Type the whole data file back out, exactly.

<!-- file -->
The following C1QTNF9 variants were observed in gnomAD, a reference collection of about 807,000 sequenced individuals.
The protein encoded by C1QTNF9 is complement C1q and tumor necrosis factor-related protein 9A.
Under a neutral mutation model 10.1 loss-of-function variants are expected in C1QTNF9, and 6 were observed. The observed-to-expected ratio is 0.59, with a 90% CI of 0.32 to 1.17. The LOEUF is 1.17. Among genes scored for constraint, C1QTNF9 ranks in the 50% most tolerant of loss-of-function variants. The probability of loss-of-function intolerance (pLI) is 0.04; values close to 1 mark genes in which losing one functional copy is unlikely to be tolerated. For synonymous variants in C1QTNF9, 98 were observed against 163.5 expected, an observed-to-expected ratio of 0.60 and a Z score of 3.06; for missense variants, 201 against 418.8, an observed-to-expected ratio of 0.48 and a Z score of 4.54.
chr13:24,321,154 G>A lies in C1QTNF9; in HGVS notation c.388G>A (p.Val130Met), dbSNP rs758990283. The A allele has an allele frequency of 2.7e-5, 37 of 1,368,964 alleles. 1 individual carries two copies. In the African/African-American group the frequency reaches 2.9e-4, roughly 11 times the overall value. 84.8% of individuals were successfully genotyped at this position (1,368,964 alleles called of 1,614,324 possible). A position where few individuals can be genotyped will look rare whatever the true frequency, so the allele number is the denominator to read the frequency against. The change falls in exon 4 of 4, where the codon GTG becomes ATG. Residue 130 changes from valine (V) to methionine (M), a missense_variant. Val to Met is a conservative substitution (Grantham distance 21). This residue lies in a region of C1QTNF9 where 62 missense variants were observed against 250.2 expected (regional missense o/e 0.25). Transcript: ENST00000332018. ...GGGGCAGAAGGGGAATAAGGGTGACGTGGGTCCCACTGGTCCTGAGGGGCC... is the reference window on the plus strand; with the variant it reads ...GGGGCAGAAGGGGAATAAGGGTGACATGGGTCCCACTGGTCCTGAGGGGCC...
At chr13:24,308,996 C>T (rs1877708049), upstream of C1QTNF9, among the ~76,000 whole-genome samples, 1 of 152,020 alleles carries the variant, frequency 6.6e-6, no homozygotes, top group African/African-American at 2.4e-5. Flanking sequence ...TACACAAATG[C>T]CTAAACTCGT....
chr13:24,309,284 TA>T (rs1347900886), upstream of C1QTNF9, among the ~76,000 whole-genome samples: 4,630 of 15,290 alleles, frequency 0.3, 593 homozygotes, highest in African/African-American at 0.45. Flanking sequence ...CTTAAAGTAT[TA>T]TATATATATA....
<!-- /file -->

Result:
The following C1QTNF9 variants were observed in gnomAD, a reference collection of about 807,000 sequenced individuals.
The protein encoded by C1QTNF9 is complement C1q and tumor necrosis factor-related protein 9A.
Under a neutral mutation model 10.1 loss-of-function variants are expected in C1QTNF9, and 6 were observed. The observed-to-expected ratio is 0.59, with a 90% CI of 0.32 to 1.17. The LOEUF is 1.17. Among genes scored for constraint, C1QTNF9 ranks in the 50% most tolerant of loss-of-function variants. The probability of loss-of-function intolerance (pLI) is 0.04; values close to 1 mark genes in which losing one functional copy is unlikely to be tolerated. For synonymous variants in C1QTNF9, 98 were observed against 163.5 expected, an observed-to-expected ratio of 0.60 and a Z score of 3.06; for missense variants, 201 against 418.8, an observed-to-expected ratio of 0.48 and a Z score of 4.54.
chr13:24,321,154 G>A lies in C1QTNF9; in HGVS notation c.388G>A (p.Val130Met), dbSNP rs758990283. The A allele has an allele frequency of 2.7e-5, 37 of 1,368,964 alleles. 1 individual carries two copies. In the African/African-American group the frequency reaches 2.9e-4, roughly 11 times the overall value. 84.8% of individuals were successfully genotyped at this position (1,368,964 alleles called of 1,614,324 possible). A position where few individuals can be genotyped will look rare whatever the true frequency, so the allele number is the denominator to read the frequency against. The change falls in exon 4 of 4, where the codon GTG becomes ATG. Residue 130 changes from valine (V) to methionine (M), a missense_variant. Val to Met is a conservative substitution (Grantham distance 21). This residue lies in a region of C1QTNF9 where 62 missense variants were observed against 250.2 expected (regional missense o/e 0.25). Transcript: ENST00000332018. ...GGGGCAGAAGGGGAATAAGGGTGACGTGGGTCCCACTGGTCCTGAGGGGCC... is the reference window on the plus strand; with the variant it reads ...GGGGCAGAAGGGGAATAAGGGTGACATGGGTCCCACTGGTCCTGAGGGGCC...
At chr13:24,308,996 C>T (rs1877708049), upstream of C1QTNF9, among the ~76,000 whole-genome samples, 1 of 152,020 alleles carries the variant, frequency 6.6e-6, no homozygotes, top group African/African-American at 2.4e-5. Flanking sequence ...TACACAAATG[C>T]CTAAACTCGT....
chr13:24,309,284 TA>T (rs1347900886), upstream of C1QTNF9, among the ~76,000 whole-genome samples: 4,630 of 15,290 alleles, frequency 0.3, 593 homozygotes, highest in African/African-American at 0.45. Flanking sequence ...CTTAAAGTAT[TA>T]TATATATATA....